A Day in the Golden Age of Information

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From the cover of Transhumanist Dreams and Dystopian Nightmares by Maxwell J. Mehlman.

For an information-seeker, this is the golden age.  With a simple search, any question can be answered.  With just a click, any wandering thoughts satisfied.  At our disposal is a mind-reader, a spaceship, and a time machine.     Even in terms of the Internet itself, we are in our prime.    Whereas Web 1.0 provided us the world at our fingertips, Web 2.0 opens the Akashic records to all Mankind.

For example, today, as I designed IPR’s Libertarian Party presidential candidates poll at SurveyMonkey, I listened on YouTube to an old country music album I had not heard in over 20 years.  As I listened to the final track on that album, an ancient question came back to mind.  The song title and lyrics referenced a particular date.  That date meant something to me, and I always wondered what it meant to the artist.  I searched Google but found nothing.  Though the album and artist were not obscure in any way, the song had never been released as a single and so was not the subject of much analysis.  I decided to take matters into my own hands.  I found the artist on Facebook and sent him a message.  His manager responded and gave me the answer I sought.  Without even leaving my room, a decades-old question was recalled and answered in less than an hour.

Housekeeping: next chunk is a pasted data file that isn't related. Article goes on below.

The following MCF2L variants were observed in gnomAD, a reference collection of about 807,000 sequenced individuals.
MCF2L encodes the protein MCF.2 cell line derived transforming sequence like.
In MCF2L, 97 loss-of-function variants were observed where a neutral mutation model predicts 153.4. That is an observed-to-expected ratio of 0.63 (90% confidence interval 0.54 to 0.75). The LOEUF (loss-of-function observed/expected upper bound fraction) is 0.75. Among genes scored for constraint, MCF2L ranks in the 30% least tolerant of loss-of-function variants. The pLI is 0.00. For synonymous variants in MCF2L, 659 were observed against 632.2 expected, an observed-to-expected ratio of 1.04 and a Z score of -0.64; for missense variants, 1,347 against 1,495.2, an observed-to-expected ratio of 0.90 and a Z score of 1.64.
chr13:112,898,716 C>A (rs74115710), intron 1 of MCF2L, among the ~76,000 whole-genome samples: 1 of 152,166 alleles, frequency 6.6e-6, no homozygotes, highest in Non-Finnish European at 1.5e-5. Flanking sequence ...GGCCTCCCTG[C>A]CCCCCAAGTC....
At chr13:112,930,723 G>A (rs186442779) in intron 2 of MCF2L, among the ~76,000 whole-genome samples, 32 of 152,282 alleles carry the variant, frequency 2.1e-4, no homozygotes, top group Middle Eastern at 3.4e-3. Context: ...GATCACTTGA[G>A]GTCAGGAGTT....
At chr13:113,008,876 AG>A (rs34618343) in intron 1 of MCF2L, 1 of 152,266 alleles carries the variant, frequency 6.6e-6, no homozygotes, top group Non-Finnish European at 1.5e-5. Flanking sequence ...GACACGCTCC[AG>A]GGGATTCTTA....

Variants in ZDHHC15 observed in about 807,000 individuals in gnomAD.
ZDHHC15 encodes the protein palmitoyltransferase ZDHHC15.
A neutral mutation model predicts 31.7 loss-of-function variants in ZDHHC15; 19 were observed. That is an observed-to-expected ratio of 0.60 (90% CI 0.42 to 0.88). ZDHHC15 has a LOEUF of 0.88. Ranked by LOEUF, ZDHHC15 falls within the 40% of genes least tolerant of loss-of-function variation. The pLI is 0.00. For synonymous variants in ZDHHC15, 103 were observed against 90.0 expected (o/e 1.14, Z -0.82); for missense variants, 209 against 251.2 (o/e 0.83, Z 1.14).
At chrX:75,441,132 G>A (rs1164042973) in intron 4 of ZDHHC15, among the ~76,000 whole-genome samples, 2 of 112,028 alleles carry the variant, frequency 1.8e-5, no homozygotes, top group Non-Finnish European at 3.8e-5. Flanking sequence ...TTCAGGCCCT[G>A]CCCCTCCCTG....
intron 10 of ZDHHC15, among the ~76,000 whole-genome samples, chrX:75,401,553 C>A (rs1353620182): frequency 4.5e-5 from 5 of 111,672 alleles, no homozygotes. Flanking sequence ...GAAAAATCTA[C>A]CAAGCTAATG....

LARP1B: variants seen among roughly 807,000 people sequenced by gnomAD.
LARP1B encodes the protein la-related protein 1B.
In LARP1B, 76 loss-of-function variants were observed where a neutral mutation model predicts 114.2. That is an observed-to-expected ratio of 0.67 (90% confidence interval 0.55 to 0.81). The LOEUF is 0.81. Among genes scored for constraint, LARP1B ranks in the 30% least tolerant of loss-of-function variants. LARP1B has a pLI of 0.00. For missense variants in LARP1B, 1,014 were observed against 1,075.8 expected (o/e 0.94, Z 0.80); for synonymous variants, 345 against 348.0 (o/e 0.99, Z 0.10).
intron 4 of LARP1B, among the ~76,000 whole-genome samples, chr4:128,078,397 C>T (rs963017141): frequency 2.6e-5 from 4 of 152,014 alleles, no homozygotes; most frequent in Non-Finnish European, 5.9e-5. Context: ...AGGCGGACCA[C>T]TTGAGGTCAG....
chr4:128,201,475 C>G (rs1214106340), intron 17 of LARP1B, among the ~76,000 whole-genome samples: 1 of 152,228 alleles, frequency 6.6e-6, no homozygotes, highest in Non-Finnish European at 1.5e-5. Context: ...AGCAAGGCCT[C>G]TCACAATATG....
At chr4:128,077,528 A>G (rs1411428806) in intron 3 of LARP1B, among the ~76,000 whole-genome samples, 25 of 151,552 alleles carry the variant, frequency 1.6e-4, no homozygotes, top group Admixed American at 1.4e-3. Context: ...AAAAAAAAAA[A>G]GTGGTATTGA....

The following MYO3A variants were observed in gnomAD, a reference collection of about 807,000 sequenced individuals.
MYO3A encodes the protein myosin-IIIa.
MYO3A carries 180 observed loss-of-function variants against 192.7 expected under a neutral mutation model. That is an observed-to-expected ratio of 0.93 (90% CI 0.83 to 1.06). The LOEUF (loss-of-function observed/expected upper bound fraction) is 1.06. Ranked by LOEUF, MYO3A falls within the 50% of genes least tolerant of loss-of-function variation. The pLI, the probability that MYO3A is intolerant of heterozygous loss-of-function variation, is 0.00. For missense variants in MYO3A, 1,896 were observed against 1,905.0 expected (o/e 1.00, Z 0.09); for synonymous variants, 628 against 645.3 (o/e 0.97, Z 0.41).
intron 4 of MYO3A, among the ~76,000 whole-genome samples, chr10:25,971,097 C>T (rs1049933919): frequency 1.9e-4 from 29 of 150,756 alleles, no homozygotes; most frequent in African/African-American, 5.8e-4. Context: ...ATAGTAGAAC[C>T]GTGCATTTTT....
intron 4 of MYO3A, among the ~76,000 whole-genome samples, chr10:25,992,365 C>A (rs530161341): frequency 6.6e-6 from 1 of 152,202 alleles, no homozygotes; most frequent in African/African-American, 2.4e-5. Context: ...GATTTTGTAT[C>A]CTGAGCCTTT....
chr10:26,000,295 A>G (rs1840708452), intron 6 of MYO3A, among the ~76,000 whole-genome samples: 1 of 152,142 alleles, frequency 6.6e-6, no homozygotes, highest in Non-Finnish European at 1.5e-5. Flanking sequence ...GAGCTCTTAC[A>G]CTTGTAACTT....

Had I not been living in this golden age of information, all the tasks above would have been nearly impossible.  First, I could not conduct a poll unless I had access to the phone numbers of Libertarian Party members and called each individually to compile data.  This would take a significant amount of time and would not be worthwhile.  Second,  I would not be able to listen to the old country music album unless I searched music shops throughout the area and located one that had it in stock.  I likely would not have made such an effort just to relive an old memory.  Lastly, if I still somehow heard the song and wanted to have my question answered, I’d have to find an address to write a letter to the artist with the strong possibility he would not respond.  I would not go to the trouble.

We are truly lucky to be living at a time like this.  It may be the worst of times for a number of reasons, but it is certainly the best of times when it comes to the flow of information.

 

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